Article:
Most ARM-based systems have historically not implemented any form of floating point in hardware. This means that any floating point operations contained in your code will be converted into calls to library functions that then implement the required operations in software.
However many Cortex-M4 based MCUs do incorporate a single precision floating point hardware unit. Note that the optional Cortex-M4 floating point unit implements single precision operations (C/C++ float) only. Thus if your code makes use of double precision floating point (C/C++ double), then any such floating point operations contained in your code will still be converted into calls to library functions that then implement the required operations in software.
Floating Point Variants
When a hardware floating point unit is implemented, ARM define that it may be used in one of two modes.
- Single precision floating point operations are implemented in hardware and hence provide a large performance increase over code that uses traditional floating point library calls, but when calls are made between functions any floating point parameters are passed in ARM (integer) registers or on the stack.
- SoftABI is the 'most compatible' as it allows code that is not built with hardware floating point usage enabled to be linked with code that is built using software floating point library calls.
- Single precision floating point operations are implemented in hardware, and floating point registers are used when passing floating point parameters to functions.
- HardABI will provide the highest absolute floating point performance, but is the 'least compatible' as it means that all of the code base for a project (including all library code) must be built for HardABI.
LPCXpresso IDE generally assumes that when Cortex-M4 hardware floating point is being used, then the SoftABI will be used. Thus generally this is the mode that example code (including for example LPCOpen chip and board libraries) are compiled for. This is done as it ensures that components will tend to work out of the box with each other.
When you use a project wizard for a Cortex-M4 where a hardware floating point unit may be implemented, there will be an option to enable the use of the hardware within the wizard's options. This will default to SoftABI - for compatibility reasons.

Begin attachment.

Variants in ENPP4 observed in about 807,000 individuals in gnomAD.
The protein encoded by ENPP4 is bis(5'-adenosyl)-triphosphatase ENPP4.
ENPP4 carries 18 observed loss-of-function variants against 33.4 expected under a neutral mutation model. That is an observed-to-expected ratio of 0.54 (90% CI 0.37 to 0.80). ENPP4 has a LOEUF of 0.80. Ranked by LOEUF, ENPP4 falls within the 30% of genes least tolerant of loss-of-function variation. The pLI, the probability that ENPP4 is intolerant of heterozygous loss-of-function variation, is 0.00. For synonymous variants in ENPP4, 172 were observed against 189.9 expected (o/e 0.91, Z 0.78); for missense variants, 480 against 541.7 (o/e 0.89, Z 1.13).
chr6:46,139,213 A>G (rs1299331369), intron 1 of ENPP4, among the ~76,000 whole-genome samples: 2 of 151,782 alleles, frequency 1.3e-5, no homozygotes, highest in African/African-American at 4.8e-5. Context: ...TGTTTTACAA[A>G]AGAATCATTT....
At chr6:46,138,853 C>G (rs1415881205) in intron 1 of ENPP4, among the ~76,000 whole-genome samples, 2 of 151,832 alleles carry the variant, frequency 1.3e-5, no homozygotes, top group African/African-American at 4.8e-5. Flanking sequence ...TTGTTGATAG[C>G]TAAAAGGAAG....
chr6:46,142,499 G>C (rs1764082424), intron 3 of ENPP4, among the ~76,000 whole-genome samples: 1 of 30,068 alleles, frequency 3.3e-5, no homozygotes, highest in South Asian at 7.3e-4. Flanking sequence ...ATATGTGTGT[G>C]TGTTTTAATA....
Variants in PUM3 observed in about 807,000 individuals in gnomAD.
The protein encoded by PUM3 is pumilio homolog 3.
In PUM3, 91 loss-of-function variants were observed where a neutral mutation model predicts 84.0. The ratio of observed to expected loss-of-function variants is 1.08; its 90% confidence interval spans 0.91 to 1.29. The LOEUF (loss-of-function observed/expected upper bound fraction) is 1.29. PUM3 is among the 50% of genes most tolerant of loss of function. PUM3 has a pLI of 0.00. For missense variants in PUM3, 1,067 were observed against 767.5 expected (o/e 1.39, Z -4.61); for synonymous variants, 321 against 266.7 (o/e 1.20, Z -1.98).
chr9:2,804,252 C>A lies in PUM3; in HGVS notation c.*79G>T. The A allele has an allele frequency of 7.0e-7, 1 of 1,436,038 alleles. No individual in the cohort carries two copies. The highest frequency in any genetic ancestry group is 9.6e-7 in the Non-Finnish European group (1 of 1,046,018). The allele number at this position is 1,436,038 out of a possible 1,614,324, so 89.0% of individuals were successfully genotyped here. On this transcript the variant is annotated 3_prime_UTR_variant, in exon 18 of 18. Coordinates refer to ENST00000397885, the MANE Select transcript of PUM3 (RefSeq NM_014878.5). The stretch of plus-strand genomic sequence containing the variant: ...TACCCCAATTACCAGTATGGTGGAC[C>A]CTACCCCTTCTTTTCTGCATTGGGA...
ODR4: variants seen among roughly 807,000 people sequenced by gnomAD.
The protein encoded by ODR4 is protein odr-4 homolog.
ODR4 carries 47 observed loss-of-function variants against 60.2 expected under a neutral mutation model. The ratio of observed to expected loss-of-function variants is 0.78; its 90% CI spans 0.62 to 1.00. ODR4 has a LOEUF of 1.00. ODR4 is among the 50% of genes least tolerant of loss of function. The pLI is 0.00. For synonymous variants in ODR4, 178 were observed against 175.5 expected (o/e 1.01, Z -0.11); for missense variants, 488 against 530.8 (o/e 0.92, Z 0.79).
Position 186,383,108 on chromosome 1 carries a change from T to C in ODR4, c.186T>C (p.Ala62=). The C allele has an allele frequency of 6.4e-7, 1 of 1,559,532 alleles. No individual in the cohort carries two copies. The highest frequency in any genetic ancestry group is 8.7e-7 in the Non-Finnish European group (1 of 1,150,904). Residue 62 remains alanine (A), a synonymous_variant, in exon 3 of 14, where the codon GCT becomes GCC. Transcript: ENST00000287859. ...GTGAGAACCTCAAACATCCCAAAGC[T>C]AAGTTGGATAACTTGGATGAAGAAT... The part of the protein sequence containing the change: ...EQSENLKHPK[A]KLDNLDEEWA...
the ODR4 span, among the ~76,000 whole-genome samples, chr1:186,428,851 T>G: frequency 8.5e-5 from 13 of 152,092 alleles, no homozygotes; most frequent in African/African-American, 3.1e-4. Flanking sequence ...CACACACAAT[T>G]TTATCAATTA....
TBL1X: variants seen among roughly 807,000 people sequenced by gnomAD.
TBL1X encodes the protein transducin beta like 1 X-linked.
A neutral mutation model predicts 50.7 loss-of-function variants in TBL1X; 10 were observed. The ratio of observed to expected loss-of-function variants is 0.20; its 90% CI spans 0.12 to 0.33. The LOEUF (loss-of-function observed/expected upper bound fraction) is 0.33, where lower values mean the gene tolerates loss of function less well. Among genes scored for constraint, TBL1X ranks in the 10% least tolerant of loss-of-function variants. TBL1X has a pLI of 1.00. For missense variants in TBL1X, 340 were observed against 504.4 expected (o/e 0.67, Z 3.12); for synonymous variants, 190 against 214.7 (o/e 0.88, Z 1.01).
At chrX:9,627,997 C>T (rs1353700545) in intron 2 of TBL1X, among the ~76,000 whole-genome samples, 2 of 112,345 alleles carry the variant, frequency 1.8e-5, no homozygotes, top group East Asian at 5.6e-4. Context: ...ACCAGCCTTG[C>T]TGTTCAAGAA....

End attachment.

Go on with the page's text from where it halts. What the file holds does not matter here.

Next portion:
Selecting this option will make the appropriate changes to the compiler, assembler and linker settings to cause SoftABI code to be generated. It will also typically enable code within the startup code generated by the wizard that will turn the floating point unit on.
You can also select the use of HardABI in the wizards. Again this will cause appropriate tool settings to be used. But if you use this, you must ensure that any library projects used by your application project are also configured to use HardABI. If such projects already exist, then you can manually modify the compiler/assembler/linker settings in Project Properties to select HardABI.
Warning : Creating a project that uses HardABI when linked library projects have not been configured and built with this option will result in link time errors.
Modifying floating point configuration for an existing project
If you wish to change the floating point ABI for an existing project (for example to change it from using SoftABI to HardABI), then:
In LPCXpresso 7.4.0 and later...
Quickstart -> Quick Settings -> Set Floating Point type
and choose the required option. Or you can make the change manually, as per LPCXpresso 7.3.0 and earlier...
In LPCXpresso 7.3.0 and earlier...
Project -> Properties -> C/C++ Build -> Settings -> Tool Settings
and change the setting in ALL of the following entries:
MCU C Compiler -> Architecture -> Floating point
MCU Assembler -> Architecture & Headers -> Floating point
MCU Linker -> Architecture -> Floating point
Note : For C++ projects, you will also need to modify the setting for the MCU C++ Compiler.
Warning : Remember to change the setting for all associated projects, otherwise linker errors may result.
Do all Cortex-M4 MCUs provide floating point in hardware?
Not all Cortex-M4 based MCUs implement floating point in hardware, so please check the documentation provided for your specific MCU to confirm.
In particular with some MCU families, some specific MCUs may not provide hardware floating point, even though most of the members of the family do (for example the LPC407x_8x). Thus it is a good idea to double check the documentation, even if the project wizard in the LPCXpresso IDE for the family that you are targeting suggests that hardware floating point is available.
Why do I get a hard fault when my code executes a floating point operation?
If you are getting a hard fault when your application tries to execute a floating point operation, then you are almost certainly not enabling the floating point unit. This is normally done in the LPCOpen initialisation code, or if you are not using LPCOpen, then in the startup file that LPCXpresso generates. But if you are not using LPCOpen and you have incorrect compiler/linker options set, then you can run into problems.
For more information, please see the Cortex-M4 Technical Reference Manual, available on the ARM website: